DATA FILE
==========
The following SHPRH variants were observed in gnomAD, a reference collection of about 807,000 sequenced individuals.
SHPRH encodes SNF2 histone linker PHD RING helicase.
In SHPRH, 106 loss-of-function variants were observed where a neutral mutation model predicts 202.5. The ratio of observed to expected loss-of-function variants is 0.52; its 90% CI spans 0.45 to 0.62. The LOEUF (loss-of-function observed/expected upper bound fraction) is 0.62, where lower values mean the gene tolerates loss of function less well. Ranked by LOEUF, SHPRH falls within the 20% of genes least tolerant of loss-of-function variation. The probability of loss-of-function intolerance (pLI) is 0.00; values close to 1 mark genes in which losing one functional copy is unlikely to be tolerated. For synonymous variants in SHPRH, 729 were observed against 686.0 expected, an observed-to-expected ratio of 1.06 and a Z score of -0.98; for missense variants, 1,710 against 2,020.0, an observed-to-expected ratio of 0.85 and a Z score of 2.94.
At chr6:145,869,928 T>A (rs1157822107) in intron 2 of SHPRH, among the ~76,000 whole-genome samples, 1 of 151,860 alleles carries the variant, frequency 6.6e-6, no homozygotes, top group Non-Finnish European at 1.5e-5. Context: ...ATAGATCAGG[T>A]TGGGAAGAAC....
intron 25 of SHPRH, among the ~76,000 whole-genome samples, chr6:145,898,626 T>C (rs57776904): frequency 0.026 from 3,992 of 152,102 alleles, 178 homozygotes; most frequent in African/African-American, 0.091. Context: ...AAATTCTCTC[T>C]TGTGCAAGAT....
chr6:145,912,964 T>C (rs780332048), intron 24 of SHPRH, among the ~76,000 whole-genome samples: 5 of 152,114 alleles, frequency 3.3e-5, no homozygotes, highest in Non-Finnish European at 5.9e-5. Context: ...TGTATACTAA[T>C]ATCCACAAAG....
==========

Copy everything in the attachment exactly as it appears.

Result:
The following SHPRH variants were observed in gnomAD, a reference collection of about 807,000 sequenced individuals.
SHPRH encodes SNF2 histone linker PHD RING helicase.
In SHPRH, 106 loss-of-function variants were observed where a neutral mutation model predicts 202.5. The ratio of observed to expected loss-of-function variants is 0.52; its 90% CI spans 0.45 to 0.62. The LOEUF (loss-of-function observed/expected upper bound fraction) is 0.62, where lower values mean the gene tolerates loss of function less well. Ranked by LOEUF, SHPRH falls within the 20% of genes least tolerant of loss-of-function variation. The probability of loss-of-function intolerance (pLI) is 0.00; values close to 1 mark genes in which losing one functional copy is unlikely to be tolerated. For synonymous variants in SHPRH, 729 were observed against 686.0 expected, an observed-to-expected ratio of 1.06 and a Z score of -0.98; for missense variants, 1,710 against 2,020.0, an observed-to-expected ratio of 0.85 and a Z score of 2.94.
At chr6:145,869,928 T>A (rs1157822107) in intron 2 of SHPRH, among the ~76,000 whole-genome samples, 1 of 151,860 alleles carries the variant, frequency 6.6e-6, no homozygotes, top group Non-Finnish European at 1.5e-5. Context: ...ATAGATCAGG[T>A]TGGGAAGAAC....
intron 25 of SHPRH, among the ~76,000 whole-genome samples, chr6:145,898,626 T>C (rs57776904): frequency 0.026 from 3,992 of 152,102 alleles, 178 homozygotes; most frequent in African/African-American, 0.091. Context: ...AAATTCTCTC[T>C]TGTGCAAGAT....
chr6:145,912,964 T>C (rs780332048), intron 24 of SHPRH, among the ~76,000 whole-genome samples: 5 of 152,114 alleles, frequency 3.3e-5, no homozygotes, highest in Non-Finnish European at 5.9e-5. Context: ...TGTATACTAA[T>C]ATCCACAAAG....